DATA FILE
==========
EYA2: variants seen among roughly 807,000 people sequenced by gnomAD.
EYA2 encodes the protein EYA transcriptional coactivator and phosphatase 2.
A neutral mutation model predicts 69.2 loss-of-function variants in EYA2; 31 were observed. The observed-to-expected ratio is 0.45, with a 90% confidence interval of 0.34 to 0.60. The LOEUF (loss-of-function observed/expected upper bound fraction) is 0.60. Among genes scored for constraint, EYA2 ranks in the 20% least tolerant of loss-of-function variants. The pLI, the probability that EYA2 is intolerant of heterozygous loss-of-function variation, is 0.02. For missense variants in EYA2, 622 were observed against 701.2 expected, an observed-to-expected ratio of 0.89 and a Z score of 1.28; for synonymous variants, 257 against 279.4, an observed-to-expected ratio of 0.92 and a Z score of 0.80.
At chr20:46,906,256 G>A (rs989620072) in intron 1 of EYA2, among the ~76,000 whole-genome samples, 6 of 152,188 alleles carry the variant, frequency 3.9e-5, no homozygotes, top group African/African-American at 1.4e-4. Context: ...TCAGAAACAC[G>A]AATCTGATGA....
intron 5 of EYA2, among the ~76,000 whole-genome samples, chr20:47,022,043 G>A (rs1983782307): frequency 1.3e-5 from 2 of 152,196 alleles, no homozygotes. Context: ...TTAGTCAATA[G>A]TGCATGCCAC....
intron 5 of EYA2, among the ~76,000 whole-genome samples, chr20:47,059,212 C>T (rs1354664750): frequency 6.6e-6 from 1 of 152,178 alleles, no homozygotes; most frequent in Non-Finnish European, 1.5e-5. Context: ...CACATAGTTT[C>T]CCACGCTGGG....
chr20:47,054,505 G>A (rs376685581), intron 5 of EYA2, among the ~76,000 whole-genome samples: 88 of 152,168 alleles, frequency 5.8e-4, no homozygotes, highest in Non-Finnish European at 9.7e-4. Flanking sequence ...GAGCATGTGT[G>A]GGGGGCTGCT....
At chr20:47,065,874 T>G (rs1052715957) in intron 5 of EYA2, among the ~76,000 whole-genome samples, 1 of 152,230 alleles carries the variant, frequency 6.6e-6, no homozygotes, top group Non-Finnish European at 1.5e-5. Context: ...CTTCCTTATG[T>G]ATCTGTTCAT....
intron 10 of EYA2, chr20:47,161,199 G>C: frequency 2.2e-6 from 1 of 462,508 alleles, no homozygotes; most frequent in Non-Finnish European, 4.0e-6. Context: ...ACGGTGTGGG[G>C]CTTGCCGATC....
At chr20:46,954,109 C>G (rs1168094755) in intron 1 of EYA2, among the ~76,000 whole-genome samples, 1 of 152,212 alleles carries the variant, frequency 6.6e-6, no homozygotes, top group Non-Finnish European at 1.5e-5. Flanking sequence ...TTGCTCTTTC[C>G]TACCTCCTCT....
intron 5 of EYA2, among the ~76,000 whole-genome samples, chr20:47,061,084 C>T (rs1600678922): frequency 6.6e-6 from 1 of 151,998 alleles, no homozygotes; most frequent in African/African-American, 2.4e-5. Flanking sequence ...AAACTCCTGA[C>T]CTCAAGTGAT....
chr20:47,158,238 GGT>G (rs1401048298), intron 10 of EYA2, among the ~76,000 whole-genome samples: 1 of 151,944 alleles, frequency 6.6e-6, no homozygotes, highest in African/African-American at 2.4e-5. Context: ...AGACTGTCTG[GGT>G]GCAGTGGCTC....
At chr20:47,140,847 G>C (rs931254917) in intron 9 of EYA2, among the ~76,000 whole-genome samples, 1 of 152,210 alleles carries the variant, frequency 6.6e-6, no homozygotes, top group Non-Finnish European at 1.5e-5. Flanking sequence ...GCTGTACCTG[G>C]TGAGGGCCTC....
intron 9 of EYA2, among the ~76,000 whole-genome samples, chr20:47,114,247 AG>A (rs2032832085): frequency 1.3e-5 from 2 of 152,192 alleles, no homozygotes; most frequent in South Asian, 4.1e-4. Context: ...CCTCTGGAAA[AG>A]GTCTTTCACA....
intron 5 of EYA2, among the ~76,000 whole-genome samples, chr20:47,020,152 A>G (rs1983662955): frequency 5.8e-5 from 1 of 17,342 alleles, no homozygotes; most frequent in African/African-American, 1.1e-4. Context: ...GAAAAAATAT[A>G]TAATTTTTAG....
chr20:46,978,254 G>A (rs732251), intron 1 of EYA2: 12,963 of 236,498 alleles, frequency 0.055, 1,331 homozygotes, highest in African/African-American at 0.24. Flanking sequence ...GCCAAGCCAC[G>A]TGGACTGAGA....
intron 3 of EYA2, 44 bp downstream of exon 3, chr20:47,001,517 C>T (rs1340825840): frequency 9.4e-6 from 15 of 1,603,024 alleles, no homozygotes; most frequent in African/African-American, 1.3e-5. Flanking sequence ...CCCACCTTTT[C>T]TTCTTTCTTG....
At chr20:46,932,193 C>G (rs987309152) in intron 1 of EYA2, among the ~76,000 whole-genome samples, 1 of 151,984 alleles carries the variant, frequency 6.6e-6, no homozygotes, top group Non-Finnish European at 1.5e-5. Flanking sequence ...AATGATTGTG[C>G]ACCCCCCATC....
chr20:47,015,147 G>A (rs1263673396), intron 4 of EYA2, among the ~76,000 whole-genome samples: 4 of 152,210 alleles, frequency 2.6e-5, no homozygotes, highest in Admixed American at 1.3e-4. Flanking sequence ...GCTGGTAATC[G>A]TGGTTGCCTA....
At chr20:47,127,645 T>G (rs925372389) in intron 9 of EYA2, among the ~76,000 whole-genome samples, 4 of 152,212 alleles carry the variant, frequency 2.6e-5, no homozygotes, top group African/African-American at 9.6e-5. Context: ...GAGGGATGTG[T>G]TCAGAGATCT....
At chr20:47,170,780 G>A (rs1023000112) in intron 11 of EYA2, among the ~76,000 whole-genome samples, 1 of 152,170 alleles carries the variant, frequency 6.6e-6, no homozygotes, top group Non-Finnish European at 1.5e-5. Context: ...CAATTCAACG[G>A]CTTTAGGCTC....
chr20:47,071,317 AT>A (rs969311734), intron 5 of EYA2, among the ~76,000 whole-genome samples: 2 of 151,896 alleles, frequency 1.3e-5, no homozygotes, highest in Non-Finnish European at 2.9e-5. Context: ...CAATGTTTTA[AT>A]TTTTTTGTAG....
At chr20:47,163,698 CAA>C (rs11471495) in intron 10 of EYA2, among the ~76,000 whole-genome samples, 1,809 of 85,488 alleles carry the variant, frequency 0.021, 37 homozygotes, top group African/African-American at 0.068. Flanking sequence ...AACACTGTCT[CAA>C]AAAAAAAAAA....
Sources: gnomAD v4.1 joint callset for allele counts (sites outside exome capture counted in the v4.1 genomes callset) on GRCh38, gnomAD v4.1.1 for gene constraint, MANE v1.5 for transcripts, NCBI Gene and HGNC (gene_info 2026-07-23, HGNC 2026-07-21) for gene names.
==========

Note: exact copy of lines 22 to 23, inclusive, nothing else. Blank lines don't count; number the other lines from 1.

chr20:47,071,317 AT>A (rs969311734), intron 5 of EYA2, among the ~76,000 whole-genome samples: 2 of 151,896 alleles, frequency 1.3e-5, no homozygotes, highest in Non-Finnish European at 2.9e-5. Context: ...CAATGTTTTA[AT>A]TTTTTTGTAG....
At chr20:47,163,698 CAA>C (rs11471495) in intron 10 of EYA2, among the ~76,000 whole-genome samples, 1,809 of 85,488 alleles carry the variant, frequency 0.021, 37 homozygotes, top group African/African-American at 0.068. Flanking sequence ...AACACTGTCT[CAA>C]AAAAAAAAAA....